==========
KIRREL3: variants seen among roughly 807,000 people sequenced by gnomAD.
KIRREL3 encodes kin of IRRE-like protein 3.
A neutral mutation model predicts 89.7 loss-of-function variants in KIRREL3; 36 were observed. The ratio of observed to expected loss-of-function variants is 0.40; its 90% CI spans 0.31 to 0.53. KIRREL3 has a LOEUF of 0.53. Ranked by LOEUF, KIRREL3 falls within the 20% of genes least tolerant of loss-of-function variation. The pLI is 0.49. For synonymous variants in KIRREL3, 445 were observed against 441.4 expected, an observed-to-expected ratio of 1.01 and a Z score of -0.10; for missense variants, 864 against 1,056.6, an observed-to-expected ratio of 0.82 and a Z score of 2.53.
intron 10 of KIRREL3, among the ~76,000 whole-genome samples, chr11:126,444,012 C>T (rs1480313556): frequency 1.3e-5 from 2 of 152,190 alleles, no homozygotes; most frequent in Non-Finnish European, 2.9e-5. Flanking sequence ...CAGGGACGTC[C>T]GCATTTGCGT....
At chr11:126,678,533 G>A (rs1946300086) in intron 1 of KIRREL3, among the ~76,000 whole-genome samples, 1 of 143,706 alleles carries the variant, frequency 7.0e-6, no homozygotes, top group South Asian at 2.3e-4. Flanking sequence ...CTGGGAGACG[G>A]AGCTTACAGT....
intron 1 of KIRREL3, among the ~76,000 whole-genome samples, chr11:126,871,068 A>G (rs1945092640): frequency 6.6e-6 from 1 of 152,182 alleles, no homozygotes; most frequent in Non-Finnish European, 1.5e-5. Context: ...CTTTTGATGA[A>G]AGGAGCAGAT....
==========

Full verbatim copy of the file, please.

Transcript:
KIRREL3: variants seen among roughly 807,000 people sequenced by gnomAD.
KIRREL3 encodes kin of IRRE-like protein 3.
A neutral mutation model predicts 89.7 loss-of-function variants in KIRREL3; 36 were observed. The ratio of observed to expected loss-of-function variants is 0.40; its 90% CI spans 0.31 to 0.53. KIRREL3 has a LOEUF of 0.53. Ranked by LOEUF, KIRREL3 falls within the 20% of genes least tolerant of loss-of-function variation. The pLI is 0.49. For synonymous variants in KIRREL3, 445 were observed against 441.4 expected, an observed-to-expected ratio of 1.01 and a Z score of -0.10; for missense variants, 864 against 1,056.6, an observed-to-expected ratio of 0.82 and a Z score of 2.53.
intron 10 of KIRREL3, among the ~76,000 whole-genome samples, chr11:126,444,012 C>T (rs1480313556): frequency 1.3e-5 from 2 of 152,190 alleles, no homozygotes; most frequent in Non-Finnish European, 2.9e-5. Flanking sequence ...CAGGGACGTC[C>T]GCATTTGCGT....
At chr11:126,678,533 G>A (rs1946300086) in intron 1 of KIRREL3, among the ~76,000 whole-genome samples, 1 of 143,706 alleles carries the variant, frequency 7.0e-6, no homozygotes, top group South Asian at 2.3e-4. Flanking sequence ...CTGGGAGACG[G>A]AGCTTACAGT....
intron 1 of KIRREL3, among the ~76,000 whole-genome samples, chr11:126,871,068 A>G (rs1945092640): frequency 6.6e-6 from 1 of 152,182 alleles, no homozygotes; most frequent in Non-Finnish European, 1.5e-5. Context: ...CTTTTGATGA[A>G]AGGAGCAGAT....